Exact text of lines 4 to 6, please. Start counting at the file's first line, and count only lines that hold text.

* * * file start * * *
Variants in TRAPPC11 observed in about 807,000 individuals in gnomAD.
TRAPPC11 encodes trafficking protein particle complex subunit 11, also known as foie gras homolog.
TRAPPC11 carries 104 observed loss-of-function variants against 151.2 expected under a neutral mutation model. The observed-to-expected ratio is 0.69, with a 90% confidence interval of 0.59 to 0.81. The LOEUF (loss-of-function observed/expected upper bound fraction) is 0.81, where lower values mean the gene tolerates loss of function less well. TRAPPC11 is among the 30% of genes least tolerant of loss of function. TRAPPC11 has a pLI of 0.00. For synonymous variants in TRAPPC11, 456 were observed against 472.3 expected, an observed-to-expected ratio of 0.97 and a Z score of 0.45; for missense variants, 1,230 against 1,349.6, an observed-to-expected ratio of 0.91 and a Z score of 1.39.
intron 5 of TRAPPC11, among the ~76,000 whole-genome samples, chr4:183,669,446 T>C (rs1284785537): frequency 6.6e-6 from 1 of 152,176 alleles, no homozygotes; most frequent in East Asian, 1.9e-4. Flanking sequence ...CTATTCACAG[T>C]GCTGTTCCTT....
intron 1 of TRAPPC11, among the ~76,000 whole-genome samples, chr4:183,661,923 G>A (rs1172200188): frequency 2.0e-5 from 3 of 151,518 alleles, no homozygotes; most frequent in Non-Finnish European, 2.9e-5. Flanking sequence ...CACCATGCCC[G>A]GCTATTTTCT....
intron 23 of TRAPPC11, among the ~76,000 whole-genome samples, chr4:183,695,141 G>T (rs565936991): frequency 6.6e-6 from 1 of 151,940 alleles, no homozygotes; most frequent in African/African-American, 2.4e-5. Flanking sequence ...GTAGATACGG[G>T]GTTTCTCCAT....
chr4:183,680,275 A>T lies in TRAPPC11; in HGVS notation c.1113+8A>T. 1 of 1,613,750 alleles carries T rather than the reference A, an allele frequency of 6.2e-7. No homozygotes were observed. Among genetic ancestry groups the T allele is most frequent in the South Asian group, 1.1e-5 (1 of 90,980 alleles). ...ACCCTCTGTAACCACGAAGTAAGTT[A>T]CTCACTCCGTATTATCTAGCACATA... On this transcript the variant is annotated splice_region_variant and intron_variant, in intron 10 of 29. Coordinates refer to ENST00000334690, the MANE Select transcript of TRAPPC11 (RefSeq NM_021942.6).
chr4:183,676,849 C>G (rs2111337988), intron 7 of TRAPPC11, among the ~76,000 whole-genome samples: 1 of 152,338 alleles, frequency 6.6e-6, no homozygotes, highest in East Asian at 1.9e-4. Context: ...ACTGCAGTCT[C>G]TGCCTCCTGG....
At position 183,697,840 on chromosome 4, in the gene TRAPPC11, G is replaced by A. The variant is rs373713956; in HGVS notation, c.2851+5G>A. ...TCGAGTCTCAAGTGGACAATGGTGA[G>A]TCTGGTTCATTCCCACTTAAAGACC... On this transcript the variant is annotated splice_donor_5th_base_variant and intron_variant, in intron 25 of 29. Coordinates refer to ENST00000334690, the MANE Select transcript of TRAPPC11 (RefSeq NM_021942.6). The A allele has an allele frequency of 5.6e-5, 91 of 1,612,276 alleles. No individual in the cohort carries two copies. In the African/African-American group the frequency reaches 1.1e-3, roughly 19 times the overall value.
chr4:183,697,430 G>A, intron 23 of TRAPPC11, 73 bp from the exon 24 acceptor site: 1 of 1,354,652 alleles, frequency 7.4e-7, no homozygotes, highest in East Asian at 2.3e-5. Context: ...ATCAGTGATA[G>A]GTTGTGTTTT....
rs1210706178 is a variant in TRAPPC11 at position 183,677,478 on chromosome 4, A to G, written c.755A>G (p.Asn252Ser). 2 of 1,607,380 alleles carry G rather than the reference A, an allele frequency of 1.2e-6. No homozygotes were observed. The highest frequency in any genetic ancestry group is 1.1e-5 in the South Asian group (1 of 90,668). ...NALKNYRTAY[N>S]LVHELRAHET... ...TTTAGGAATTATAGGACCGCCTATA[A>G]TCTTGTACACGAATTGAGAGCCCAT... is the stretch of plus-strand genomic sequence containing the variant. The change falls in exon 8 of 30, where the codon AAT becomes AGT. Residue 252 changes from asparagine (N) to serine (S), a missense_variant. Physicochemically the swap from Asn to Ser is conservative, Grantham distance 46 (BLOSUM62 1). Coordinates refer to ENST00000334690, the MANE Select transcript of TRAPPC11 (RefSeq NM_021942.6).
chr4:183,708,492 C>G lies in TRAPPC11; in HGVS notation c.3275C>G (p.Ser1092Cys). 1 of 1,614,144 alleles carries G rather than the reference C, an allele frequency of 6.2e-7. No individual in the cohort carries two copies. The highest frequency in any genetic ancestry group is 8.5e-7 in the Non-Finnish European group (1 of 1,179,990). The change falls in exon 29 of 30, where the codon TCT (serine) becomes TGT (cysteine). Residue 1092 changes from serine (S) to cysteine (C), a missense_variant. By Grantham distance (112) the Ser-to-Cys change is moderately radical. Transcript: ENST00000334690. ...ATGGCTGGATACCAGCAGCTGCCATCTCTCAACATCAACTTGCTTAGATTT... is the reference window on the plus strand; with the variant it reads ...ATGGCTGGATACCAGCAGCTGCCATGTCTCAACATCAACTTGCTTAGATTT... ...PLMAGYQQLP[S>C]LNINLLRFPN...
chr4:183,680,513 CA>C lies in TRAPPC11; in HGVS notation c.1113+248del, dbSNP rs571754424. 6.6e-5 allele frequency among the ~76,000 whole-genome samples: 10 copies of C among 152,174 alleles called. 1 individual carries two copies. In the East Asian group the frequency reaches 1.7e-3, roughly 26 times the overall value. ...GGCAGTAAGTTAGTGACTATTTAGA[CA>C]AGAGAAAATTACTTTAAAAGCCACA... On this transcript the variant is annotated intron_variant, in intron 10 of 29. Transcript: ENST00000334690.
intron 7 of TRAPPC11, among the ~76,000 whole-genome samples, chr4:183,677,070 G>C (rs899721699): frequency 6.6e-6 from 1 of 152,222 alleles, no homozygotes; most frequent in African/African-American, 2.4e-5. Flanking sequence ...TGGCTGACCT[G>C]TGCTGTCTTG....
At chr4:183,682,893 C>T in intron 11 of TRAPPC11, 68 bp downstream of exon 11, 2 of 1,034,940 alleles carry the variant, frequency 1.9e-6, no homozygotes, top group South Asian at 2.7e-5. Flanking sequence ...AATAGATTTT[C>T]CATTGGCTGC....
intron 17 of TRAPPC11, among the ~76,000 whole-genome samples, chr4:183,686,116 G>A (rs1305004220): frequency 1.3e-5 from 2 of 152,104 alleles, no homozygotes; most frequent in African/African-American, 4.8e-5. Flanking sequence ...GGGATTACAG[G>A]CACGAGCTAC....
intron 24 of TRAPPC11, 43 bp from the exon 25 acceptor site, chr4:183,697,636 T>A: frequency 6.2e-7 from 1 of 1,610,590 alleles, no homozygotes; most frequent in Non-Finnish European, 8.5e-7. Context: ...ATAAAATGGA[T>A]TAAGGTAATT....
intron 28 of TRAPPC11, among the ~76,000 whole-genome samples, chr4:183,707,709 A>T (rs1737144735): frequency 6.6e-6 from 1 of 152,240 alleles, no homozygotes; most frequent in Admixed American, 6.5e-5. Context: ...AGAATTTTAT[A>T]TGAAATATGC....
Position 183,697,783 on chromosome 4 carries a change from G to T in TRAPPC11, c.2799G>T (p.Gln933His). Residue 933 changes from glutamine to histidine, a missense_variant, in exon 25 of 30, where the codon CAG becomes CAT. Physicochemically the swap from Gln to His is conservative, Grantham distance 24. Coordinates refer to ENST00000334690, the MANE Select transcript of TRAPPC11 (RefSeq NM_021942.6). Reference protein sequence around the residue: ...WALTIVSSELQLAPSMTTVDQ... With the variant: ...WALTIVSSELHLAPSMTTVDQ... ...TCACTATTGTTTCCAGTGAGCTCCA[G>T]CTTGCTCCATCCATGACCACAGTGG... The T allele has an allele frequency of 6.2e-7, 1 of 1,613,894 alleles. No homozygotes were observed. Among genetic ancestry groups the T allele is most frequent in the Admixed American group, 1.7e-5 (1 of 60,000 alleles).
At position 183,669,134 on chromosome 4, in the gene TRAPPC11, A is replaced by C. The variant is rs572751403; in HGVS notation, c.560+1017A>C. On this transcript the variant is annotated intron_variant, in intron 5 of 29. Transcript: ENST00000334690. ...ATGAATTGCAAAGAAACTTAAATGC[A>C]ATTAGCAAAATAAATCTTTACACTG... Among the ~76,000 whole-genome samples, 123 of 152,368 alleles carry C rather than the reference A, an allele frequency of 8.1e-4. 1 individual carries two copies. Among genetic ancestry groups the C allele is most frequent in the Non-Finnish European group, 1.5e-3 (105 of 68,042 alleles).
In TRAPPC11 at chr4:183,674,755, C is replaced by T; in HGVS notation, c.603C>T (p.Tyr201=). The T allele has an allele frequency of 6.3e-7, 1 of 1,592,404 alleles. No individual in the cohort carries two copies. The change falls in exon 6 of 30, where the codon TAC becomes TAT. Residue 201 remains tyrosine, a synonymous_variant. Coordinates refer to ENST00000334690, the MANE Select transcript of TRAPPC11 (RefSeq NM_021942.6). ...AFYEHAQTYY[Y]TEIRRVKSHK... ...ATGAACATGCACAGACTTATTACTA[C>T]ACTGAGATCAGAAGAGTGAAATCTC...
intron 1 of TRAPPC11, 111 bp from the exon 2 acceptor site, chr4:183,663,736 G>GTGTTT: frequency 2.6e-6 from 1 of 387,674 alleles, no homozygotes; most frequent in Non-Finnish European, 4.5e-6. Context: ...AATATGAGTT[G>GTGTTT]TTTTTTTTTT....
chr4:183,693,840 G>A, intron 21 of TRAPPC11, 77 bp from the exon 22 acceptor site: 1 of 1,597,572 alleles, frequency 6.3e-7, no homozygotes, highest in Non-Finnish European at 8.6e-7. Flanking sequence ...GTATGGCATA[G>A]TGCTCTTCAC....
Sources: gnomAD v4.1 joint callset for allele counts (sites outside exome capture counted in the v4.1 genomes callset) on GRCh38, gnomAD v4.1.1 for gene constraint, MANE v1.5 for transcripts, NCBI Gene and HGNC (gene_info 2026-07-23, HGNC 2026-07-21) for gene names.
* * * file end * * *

intron 5 of TRAPPC11, among the ~76,000 whole-genome samples, chr4:183,669,446 T>C (rs1284785537): frequency 6.6e-6 from 1 of 152,176 alleles, no homozygotes; most frequent in East Asian, 1.9e-4. Flanking sequence ...CTATTCACAG[T>C]GCTGTTCCTT....
intron 1 of TRAPPC11, among the ~76,000 whole-genome samples, chr4:183,661,923 G>A (rs1172200188): frequency 2.0e-5 from 3 of 151,518 alleles, no homozygotes; most frequent in Non-Finnish European, 2.9e-5. Flanking sequence ...CACCATGCCC[G>A]GCTATTTTCT....
intron 23 of TRAPPC11, among the ~76,000 whole-genome samples, chr4:183,695,141 G>T (rs565936991): frequency 6.6e-6 from 1 of 151,940 alleles, no homozygotes; most frequent in African/African-American, 2.4e-5. Flanking sequence ...GTAGATACGG[G>T]GTTTCTCCAT....